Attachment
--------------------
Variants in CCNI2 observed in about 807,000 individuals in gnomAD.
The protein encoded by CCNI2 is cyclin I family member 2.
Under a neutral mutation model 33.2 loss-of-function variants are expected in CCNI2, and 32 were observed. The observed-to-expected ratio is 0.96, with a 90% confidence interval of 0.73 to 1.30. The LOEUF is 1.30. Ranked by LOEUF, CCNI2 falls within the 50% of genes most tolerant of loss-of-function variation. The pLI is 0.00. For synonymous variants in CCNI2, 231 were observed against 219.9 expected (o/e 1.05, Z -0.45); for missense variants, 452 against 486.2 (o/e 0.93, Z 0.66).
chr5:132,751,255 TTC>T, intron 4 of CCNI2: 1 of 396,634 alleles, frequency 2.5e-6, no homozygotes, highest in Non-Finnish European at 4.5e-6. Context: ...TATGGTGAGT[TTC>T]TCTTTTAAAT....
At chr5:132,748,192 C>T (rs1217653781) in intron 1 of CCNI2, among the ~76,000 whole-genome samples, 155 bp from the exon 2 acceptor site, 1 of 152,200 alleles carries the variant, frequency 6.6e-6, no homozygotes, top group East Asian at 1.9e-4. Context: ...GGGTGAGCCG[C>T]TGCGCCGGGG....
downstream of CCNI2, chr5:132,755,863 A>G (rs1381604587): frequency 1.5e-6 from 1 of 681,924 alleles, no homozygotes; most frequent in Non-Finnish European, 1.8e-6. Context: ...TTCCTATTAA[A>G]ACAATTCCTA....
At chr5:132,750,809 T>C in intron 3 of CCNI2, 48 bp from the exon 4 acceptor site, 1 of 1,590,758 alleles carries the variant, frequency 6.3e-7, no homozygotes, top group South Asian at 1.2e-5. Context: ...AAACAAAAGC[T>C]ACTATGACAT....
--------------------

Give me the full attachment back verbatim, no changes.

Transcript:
Variants in CCNI2 observed in about 807,000 individuals in gnomAD.
The protein encoded by CCNI2 is cyclin I family member 2.
Under a neutral mutation model 33.2 loss-of-function variants are expected in CCNI2, and 32 were observed. The observed-to-expected ratio is 0.96, with a 90% confidence interval of 0.73 to 1.30. The LOEUF is 1.30. Ranked by LOEUF, CCNI2 falls within the 50% of genes most tolerant of loss-of-function variation. The pLI is 0.00. For synonymous variants in CCNI2, 231 were observed against 219.9 expected (o/e 1.05, Z -0.45); for missense variants, 452 against 486.2 (o/e 0.93, Z 0.66).
chr5:132,751,255 TTC>T, intron 4 of CCNI2: 1 of 396,634 alleles, frequency 2.5e-6, no homozygotes, highest in Non-Finnish European at 4.5e-6. Context: ...TATGGTGAGT[TTC>T]TCTTTTAAAT....
At chr5:132,748,192 C>T (rs1217653781) in intron 1 of CCNI2, among the ~76,000 whole-genome samples, 155 bp from the exon 2 acceptor site, 1 of 152,200 alleles carries the variant, frequency 6.6e-6, no homozygotes, top group East Asian at 1.9e-4. Context: ...GGGTGAGCCG[C>T]TGCGCCGGGG....
downstream of CCNI2, chr5:132,755,863 A>G (rs1381604587): frequency 1.5e-6 from 1 of 681,924 alleles, no homozygotes; most frequent in Non-Finnish European, 1.8e-6. Context: ...TTCCTATTAA[A>G]ACAATTCCTA....
At chr5:132,750,809 T>C in intron 3 of CCNI2, 48 bp from the exon 4 acceptor site, 1 of 1,590,758 alleles carries the variant, frequency 6.3e-7, no homozygotes, top group South Asian at 1.2e-5. Context: ...AAACAAAAGC[T>C]ACTATGACAT....